Letters to the Editor

Dear Editor,

I just finished reading Richard Rios’ commentary (Capitol Weekly, Dec. 8,
When Our System Fails Us) that calls for removing death penalty clemency
authority from the Governor’s purview and giving it to an independent
Clemency Review Board. His article only serves to reaffirm my belief that
there is nothing more dangerous than a newly minted lawyer who has loosed
himself on society to single handedly cure what he believes to be one of its
major ills.

Declaring that our system has failed us, Rios suggests that elected
officials may base clemency decisions on factors other than the merits of
the case, such as political considerations. He also expresses concern that
any clemency decision by an elected official may not be fair or impartial
because the politician must consider public opinion in the decision making
process. Mr. Rios is absolutely right. But for the sake of all condemned
inmates, he should pray that the system remains just that way, and that his
suggestions not be taken seriously.

Clemency requests are generally made only after all other legal appeals have
been exhausted. This signifies that the case has already been reviewed and
upheld on its merits by many layers of independent judges at the Appellate
and Supreme Court level. A Clemency Review Board that decides matters based
solely on clear and consistent legal standards as Mr. Rios suggests, will
have no choice but to rubber stamp the courts’ decisions, denying the inmate
any meaningful avenue of appeal.

Like it or not, the continued existence of the death penalty reflects the
collective will of the people of California as expressed through their
legislators, the courts and our juries. The creation of a Clemency Review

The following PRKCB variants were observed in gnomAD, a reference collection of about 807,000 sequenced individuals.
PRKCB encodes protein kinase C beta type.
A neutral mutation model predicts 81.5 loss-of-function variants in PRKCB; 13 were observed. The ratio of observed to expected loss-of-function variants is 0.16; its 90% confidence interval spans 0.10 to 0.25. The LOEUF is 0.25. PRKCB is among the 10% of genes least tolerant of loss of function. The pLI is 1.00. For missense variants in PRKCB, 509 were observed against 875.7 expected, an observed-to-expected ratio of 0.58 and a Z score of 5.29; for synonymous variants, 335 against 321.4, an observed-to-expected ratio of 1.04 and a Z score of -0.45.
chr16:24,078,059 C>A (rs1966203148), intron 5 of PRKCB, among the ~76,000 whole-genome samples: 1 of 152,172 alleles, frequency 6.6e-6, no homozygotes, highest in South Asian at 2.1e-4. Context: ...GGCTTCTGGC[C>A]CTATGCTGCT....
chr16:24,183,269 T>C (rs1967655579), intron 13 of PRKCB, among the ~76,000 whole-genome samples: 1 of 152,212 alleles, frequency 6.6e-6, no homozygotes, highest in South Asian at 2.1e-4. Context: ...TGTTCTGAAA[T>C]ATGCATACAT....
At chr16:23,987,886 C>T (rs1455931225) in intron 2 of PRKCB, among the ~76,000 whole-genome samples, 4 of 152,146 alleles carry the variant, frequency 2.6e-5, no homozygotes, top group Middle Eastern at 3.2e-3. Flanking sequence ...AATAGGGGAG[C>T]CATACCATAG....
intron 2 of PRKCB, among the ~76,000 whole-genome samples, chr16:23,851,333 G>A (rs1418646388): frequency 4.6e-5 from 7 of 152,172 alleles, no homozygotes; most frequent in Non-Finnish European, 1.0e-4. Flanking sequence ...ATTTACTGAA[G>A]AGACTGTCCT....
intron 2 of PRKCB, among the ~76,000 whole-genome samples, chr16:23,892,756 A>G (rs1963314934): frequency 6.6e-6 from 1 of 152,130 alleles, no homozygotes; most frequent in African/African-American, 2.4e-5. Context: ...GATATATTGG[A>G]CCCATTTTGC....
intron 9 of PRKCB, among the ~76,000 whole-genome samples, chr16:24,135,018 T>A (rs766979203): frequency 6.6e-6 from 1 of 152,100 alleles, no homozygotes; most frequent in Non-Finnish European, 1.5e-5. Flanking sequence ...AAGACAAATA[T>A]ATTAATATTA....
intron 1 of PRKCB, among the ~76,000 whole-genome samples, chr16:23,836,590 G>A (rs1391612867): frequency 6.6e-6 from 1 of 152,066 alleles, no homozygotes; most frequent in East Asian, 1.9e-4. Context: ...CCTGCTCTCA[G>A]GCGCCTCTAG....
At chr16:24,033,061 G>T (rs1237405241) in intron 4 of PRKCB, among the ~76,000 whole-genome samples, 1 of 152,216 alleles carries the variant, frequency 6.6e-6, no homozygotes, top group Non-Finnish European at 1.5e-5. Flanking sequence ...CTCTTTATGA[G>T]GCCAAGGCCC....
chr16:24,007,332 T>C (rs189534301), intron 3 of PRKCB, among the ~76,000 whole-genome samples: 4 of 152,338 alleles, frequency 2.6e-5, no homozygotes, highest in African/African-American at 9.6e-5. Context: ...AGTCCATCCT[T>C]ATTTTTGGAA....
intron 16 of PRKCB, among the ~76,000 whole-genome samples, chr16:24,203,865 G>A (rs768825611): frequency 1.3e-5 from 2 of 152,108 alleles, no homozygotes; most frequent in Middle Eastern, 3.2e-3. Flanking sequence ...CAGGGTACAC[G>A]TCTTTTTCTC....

Board circumvents that will by adding another layer to our bureaucracy and
needlessly prolonging a process that is already painful to the condemned,
his family, the victim’s friends and family, and society.

Michael Morgan, Newport Beach

Dear Editor,

If you do a follow up on the article in Capitol Weekly, you might want to
contact me for some views on the subject. First, I live in the District.
Second, I write on these issues (see HispanicVista.com and calnews.com and
North County Times, the newspaper of record in the 50th).

The only “Hispanic” surveys that are real on the issue of illegals are among
Mexican Americans and legally resident Mexican nationals. Thus, no Time
Magazine poll is accurate nor any in Seattle. The only meaningful polls on
the subject must take place in California, Arizona or Texas.

Secondly, there is overwhelming evidence that illegals do not appreciably
lower wages in the U.S.among most Mexican Americans, 75 percent of whom are
middle or upper middle income people.

As for Brian Bilbray, he was defeated for re-election by the lightest of
lightweight Democrats in the entire state. His unreasonableness on the
issue of illegals caused him to lose re-election as an incumbent (not
redundant). The 50th has about 25 percent Hispanic voters, many of them
Republican, as they are usually economically comfortable.

Raoul Lowery Contreras, San Diego

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